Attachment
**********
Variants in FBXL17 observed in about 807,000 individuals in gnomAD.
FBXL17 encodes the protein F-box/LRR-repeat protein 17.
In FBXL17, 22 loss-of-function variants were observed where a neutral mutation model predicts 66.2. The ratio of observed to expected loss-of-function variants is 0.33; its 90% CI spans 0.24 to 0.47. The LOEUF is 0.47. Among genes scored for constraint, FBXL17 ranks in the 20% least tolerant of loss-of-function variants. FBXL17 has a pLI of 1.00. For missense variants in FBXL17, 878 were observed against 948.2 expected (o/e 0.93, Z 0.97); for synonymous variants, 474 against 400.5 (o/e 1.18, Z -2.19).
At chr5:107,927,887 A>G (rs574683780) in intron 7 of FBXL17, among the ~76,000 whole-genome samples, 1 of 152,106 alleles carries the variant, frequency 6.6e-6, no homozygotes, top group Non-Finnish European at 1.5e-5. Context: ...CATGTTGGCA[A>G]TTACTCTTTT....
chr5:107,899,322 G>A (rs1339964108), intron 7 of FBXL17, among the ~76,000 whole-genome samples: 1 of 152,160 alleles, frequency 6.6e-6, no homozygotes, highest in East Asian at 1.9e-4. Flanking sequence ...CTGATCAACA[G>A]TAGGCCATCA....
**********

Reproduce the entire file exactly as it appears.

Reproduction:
Variants in FBXL17 observed in about 807,000 individuals in gnomAD.
FBXL17 encodes the protein F-box/LRR-repeat protein 17.
In FBXL17, 22 loss-of-function variants were observed where a neutral mutation model predicts 66.2. The ratio of observed to expected loss-of-function variants is 0.33; its 90% CI spans 0.24 to 0.47. The LOEUF is 0.47. Among genes scored for constraint, FBXL17 ranks in the 20% least tolerant of loss-of-function variants. FBXL17 has a pLI of 1.00. For missense variants in FBXL17, 878 were observed against 948.2 expected (o/e 0.93, Z 0.97); for synonymous variants, 474 against 400.5 (o/e 1.18, Z -2.19).
At chr5:107,927,887 A>G (rs574683780) in intron 7 of FBXL17, among the ~76,000 whole-genome samples, 1 of 152,106 alleles carries the variant, frequency 6.6e-6, no homozygotes, top group Non-Finnish European at 1.5e-5. Context: ...CATGTTGGCA[A>G]TTACTCTTTT....
chr5:107,899,322 G>A (rs1339964108), intron 7 of FBXL17, among the ~76,000 whole-genome samples: 1 of 152,160 alleles, frequency 6.6e-6, no homozygotes, highest in East Asian at 1.9e-4. Flanking sequence ...CTGATCAACA[G>A]TAGGCCATCA....